A few well-known politicians have been been campaigning for "character building" in our schools. As a future pagan teacher, I agree with that. However, putting the ten commandments on the walls isn't going to do the trick. Teachers, parents, and administration working with students is what is going to work. We can teach "good character" to our students through good example and caring. Why try to force a religion on students when we can teach the basic tenants of being a good person that is acceptable to any religion? I think that politicians are making this way too difficult when it really very simple.
| I Really Honestly Do Not Have A Difficulty With The Voucher System... ||Aug 22nd. at 2:32:28 pm UTC|
|Catherine M. Wagner (Minneapolis, Minnesota US) ||Age: 31 |
I really honestly do not have a difficulty with the voucher system -IF (and ONLY IF) it is administrated fairly. If a religious group chooses not to start its own school, that is not enough reason to disagree with the system. However, if the system is written in such a way that only one religions schools are covered by it, then yes, I would disagree firmly.
As for the separation, if there is a growing number of people who would like to see religion taught in schools - again, my only insistence is either ALL or NONE. If you are going to teach the precepts of one religion, you must teach (in a fair and open-minded manner) the precepts of ALL religions. If you are not willing to do so, or are not capable of doing so, then you must teach none.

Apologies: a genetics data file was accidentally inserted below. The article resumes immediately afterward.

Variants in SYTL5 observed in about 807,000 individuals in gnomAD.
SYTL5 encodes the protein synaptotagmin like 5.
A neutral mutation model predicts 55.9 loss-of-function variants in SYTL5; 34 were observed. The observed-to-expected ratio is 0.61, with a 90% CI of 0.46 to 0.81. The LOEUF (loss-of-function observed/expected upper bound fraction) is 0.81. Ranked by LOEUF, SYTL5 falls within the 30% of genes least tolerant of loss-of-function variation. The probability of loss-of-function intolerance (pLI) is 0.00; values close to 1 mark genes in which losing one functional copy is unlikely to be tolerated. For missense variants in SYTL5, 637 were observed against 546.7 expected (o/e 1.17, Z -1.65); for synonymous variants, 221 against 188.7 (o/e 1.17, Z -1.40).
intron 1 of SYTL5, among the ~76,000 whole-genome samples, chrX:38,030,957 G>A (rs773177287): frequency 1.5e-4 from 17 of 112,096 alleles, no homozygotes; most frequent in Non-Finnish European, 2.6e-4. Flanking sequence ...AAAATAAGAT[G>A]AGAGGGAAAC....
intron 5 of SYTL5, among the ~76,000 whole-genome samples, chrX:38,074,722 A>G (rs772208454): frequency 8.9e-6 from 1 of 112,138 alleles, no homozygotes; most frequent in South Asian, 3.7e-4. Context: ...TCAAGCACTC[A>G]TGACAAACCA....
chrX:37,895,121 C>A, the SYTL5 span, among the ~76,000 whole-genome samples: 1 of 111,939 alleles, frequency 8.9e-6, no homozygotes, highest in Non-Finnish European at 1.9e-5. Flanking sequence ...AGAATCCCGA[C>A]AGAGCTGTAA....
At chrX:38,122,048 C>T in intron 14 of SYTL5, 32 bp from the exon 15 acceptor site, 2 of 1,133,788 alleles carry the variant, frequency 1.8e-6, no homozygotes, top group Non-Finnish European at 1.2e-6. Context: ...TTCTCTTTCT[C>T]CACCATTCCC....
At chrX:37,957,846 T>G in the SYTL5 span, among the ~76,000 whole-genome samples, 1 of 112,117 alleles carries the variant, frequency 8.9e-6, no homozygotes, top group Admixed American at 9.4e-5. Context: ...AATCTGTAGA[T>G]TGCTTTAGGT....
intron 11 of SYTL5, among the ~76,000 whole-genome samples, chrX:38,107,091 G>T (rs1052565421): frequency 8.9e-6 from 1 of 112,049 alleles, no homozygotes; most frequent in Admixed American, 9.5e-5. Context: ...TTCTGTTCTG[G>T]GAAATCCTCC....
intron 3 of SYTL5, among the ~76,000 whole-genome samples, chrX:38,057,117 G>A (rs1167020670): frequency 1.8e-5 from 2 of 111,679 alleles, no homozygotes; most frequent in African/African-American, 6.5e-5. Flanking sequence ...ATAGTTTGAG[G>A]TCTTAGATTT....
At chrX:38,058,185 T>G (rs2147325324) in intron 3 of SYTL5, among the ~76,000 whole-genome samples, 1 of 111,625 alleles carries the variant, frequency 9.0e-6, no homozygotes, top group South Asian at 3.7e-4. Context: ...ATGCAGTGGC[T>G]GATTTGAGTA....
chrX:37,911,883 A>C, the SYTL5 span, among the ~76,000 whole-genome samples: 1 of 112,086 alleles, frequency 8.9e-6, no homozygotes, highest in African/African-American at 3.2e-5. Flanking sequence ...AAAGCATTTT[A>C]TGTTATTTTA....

| I'm A British Hedgewitch, Who Like Most British People Went To A... ||Aug 22nd. at 3:29:25 pm UTC|
|Jenny Kiernan (Shropshire, England UK) ||Age: 24 |
I'm a British Hedgewitch, who like most British people went to a comprhensive school. As Britain is still officially a Christian country morning prayers and hymns in assembly were carried out every day.
I would try to avoid these as I have never been a Christian, though the rules were that unless you were of a recognised non-Christian faith (such as Hindu or Muslim) you still had to sit through the prayers.
Most kids followed the prayers blindly, but only a very small minority paid very much attention. For myself I feel that pushing religion on children in this way is a waste of educators' time, especially in a country where church attendances are falling and most adults may consider themselves Christian, but only go to Church once a year at most.
However, schools in this country have learnt over the years to be tolerant of other faiths and some incorporate their prayers into morning prayers as well.
| I Am A Student At My Local Highschool. I Would Like To... ||Aug 22nd. at 6:35:29 pm UTC|
|Kathleen (Windsor, Ontario CA) ||Age: 17 - Email |
I am a student at my local highschool. I would like to share with you an experience while at my elementary school when I was younger. Every morning after the bell rang, we would all stand up for the national anthem (I live in Canada). After the anthem, we would sit down and stay quiet for the next few mintues. During this time, we would have different readings. Usually a quote or thought for the day. Sometimes they mentioned God or Lord but for the most part, they were not religious in nature. Then, they would wish us happy holidays if it was that time.
But they didn't only focus on Christian Holidays, they might say, "You may notice that some of your classmates are missing today, that's because all our Jewish Friends here are at home celebrated Rosh Hashana with their families." or "Happy Chinese New Year! Wish a happy day to all our Chinese friends." or even. "Well, this is our last day for the winter holidays, Happy Christmas, Hanukah, Kwanzaa and Winter Solstice!" It was wonderful. Our teachers would let us teach the class about any holidays we may be celebrating at home. I taught my class about Hanuka as we celebrate it at home because my Dad is Jewish.